Diversité et dynamique des communautés de protistes dans le haut Arctique canadien
|Advisor:||Lovejoy, Connie; Vincent, Warwick F.|
|Abstract:||The Arctic region is a blend of stark windswept landscapes interwoven with a wide diversity of freshwater ecosystems. Presently confronted by temperature increases well above global average, causing changes in landscape and aquatic properties, the Arctic is a strategic area to study the impact of climate change on endogenous microbial communities. Ice is a crucial characteristic of Arctic ecosystems and has already begun to cross thresholds along the northern coastline of Ellesmere Island. In lakes, the effects of cold temperatures, variable irradiance and low inorganic nutrients combine to restrict primary production and growth of most organisms. The established richness of microorganisms present in these systems is due to the high diversity of their adaptive and nutritive strategies. Hence, the observed shifts in ice cover regimes of lakes will have impacts on their biological activity. Of these microbial components, the protists, unicellular eukaryotes, exploit a wide range of carbon and energy resources from phototrophy to predation and the combination of both, mixotrophy. The subject of this research was to determine the contribution of mixotrophs to protist community structure in Arctic lakes, and to develop knowledge of their potential response to the changing environmental conditions. Char Lake, Lake A and Ward Hunt Lake, three limnologically different lakes, were chosen to investigate the biodiversity of protists in August 2008. Microscopy, pigments and 18S gene clone libraries revealed a dominance of each lake by chrysophytes, prominent mixotrophic protists. At Lake A, the summer of 2008 was marked by a loss of ice-cover, creating atypical open-water conditions. High-throughput sequencing of the V4 region of the 18S ribosomal RNA gene revealed the contrast between the homogenous community structure within the ice-covered water column of May 2008, despite the sharp physico-chemical meromictic stratification within the lake, and the established spatial variability of the protist communities under the ice-free conditions of August 2008 and ice-covered conditions of July 2009. These results illustrate the importance of varying environmental factors, such as underwater irradiance, in shaping protist communities. To further examine the role of light and to investigate the impact of low prey resources, we conducted a light/dilution experiment at Ward Hunt Lake. Pyrosequencing of the V4 region of the 18S ribosomal RNA, along with the gene, showed taxonomic differences under the two light conditions, suggesting a divergence in the dominant type of mixotrophy, with dominance of primarily microflagellate grazers, the dinoflagellates, under low irradiance, and of bacterivorus chrysophytes in the high light treatment. This thesis research underscored the diversity of mixotrophs and their seasonal variations in Arctic lakes, and provided insights into the importance of environmental conditions on the mixotrophic strategy adopted by protist communities.|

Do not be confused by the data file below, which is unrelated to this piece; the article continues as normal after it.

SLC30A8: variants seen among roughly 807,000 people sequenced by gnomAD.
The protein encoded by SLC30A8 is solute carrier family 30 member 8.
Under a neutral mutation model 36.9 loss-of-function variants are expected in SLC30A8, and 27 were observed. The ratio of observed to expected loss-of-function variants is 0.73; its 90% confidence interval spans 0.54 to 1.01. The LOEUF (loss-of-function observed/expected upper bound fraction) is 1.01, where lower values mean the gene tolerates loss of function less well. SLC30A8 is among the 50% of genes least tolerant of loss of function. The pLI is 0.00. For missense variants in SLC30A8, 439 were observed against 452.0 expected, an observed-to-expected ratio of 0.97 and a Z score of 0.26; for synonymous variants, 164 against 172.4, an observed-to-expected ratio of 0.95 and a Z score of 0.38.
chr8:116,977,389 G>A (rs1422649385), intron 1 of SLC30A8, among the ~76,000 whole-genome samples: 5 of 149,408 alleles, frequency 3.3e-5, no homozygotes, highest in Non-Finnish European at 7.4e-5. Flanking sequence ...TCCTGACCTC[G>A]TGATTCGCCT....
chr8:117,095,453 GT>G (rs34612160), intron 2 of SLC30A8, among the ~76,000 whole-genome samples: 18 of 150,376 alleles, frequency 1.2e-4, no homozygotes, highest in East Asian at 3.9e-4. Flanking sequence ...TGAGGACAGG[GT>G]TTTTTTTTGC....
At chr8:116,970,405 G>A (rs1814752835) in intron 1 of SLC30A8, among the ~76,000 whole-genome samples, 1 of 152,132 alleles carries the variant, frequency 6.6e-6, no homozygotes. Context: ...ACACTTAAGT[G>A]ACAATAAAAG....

|Document Type:||Thèse de doctorat|
|Open Access Date:||19 April 2018|
|Collection:||Thèses et mémoires|
All documents in CorpusUL are protected by Copyright Act of Canada.